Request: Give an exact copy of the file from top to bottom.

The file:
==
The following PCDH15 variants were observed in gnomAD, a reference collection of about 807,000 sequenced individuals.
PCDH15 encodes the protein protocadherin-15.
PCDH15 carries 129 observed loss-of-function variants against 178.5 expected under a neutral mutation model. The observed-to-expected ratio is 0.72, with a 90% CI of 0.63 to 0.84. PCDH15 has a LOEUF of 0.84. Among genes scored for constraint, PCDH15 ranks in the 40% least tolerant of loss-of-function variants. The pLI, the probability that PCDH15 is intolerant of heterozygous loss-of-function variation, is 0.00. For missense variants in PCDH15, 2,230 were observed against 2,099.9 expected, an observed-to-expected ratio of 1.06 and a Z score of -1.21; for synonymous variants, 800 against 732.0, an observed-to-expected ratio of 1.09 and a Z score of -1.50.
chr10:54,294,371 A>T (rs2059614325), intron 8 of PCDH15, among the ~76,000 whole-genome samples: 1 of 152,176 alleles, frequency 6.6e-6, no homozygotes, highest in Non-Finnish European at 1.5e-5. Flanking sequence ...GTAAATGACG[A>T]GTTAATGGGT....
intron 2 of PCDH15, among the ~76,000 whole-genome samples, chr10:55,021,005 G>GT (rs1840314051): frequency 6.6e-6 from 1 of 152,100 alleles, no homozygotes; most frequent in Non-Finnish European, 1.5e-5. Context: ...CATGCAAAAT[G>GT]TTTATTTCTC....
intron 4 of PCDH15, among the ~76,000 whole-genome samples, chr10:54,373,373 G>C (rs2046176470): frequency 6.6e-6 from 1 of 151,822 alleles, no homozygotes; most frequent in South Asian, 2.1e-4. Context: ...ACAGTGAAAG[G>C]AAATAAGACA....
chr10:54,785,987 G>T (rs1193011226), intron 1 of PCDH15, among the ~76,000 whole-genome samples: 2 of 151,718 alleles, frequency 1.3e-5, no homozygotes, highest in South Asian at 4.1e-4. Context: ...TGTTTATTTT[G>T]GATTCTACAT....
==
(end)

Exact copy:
The following PCDH15 variants were observed in gnomAD, a reference collection of about 807,000 sequenced individuals.
PCDH15 encodes the protein protocadherin-15.
PCDH15 carries 129 observed loss-of-function variants against 178.5 expected under a neutral mutation model. The observed-to-expected ratio is 0.72, with a 90% CI of 0.63 to 0.84. PCDH15 has a LOEUF of 0.84. Among genes scored for constraint, PCDH15 ranks in the 40% least tolerant of loss-of-function variants. The pLI, the probability that PCDH15 is intolerant of heterozygous loss-of-function variation, is 0.00. For missense variants in PCDH15, 2,230 were observed against 2,099.9 expected, an observed-to-expected ratio of 1.06 and a Z score of -1.21; for synonymous variants, 800 against 732.0, an observed-to-expected ratio of 1.09 and a Z score of -1.50.
chr10:54,294,371 A>T (rs2059614325), intron 8 of PCDH15, among the ~76,000 whole-genome samples: 1 of 152,176 alleles, frequency 6.6e-6, no homozygotes, highest in Non-Finnish European at 1.5e-5. Flanking sequence ...GTAAATGACG[A>T]GTTAATGGGT....
intron 2 of PCDH15, among the ~76,000 whole-genome samples, chr10:55,021,005 G>GT (rs1840314051): frequency 6.6e-6 from 1 of 152,100 alleles, no homozygotes; most frequent in Non-Finnish European, 1.5e-5. Context: ...CATGCAAAAT[G>GT]TTTATTTCTC....
intron 4 of PCDH15, among the ~76,000 whole-genome samples, chr10:54,373,373 G>C (rs2046176470): frequency 6.6e-6 from 1 of 151,822 alleles, no homozygotes; most frequent in South Asian, 2.1e-4. Context: ...ACAGTGAAAG[G>C]AAATAAGACA....
chr10:54,785,987 G>T (rs1193011226), intron 1 of PCDH15, among the ~76,000 whole-genome samples: 2 of 151,718 alleles, frequency 1.3e-5, no homozygotes, highest in South Asian at 4.1e-4. Context: ...TGTTTATTTT[G>T]GATTCTACAT....